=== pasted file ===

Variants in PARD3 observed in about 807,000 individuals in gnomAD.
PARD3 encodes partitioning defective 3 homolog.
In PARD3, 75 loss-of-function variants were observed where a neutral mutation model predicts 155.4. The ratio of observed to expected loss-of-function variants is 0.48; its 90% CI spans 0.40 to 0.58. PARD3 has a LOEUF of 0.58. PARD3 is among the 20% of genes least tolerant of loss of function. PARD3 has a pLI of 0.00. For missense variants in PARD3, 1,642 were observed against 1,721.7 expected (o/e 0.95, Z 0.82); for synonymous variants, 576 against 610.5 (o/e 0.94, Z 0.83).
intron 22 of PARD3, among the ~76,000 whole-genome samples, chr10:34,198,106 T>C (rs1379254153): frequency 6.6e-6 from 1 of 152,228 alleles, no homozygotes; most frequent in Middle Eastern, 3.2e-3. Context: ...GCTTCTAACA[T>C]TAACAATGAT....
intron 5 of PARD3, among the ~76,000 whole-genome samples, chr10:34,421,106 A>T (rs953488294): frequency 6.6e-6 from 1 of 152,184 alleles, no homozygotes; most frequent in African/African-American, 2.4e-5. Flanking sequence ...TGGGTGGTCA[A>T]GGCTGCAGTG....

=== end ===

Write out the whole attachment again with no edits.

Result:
Variants in PARD3 observed in about 807,000 individuals in gnomAD.
PARD3 encodes partitioning defective 3 homolog.
In PARD3, 75 loss-of-function variants were observed where a neutral mutation model predicts 155.4. The ratio of observed to expected loss-of-function variants is 0.48; its 90% CI spans 0.40 to 0.58. PARD3 has a LOEUF of 0.58. PARD3 is among the 20% of genes least tolerant of loss of function. PARD3 has a pLI of 0.00. For missense variants in PARD3, 1,642 were observed against 1,721.7 expected (o/e 0.95, Z 0.82); for synonymous variants, 576 against 610.5 (o/e 0.94, Z 0.83).
intron 22 of PARD3, among the ~76,000 whole-genome samples, chr10:34,198,106 T>C (rs1379254153): frequency 6.6e-6 from 1 of 152,228 alleles, no homozygotes; most frequent in Middle Eastern, 3.2e-3. Context: ...GCTTCTAACA[T>C]TAACAATGAT....
intron 5 of PARD3, among the ~76,000 whole-genome samples, chr10:34,421,106 A>T (rs953488294): frequency 6.6e-6 from 1 of 152,184 alleles, no homozygotes; most frequent in African/African-American, 2.4e-5. Flanking sequence ...TGGGTGGTCA[A>T]GGCTGCAGTG....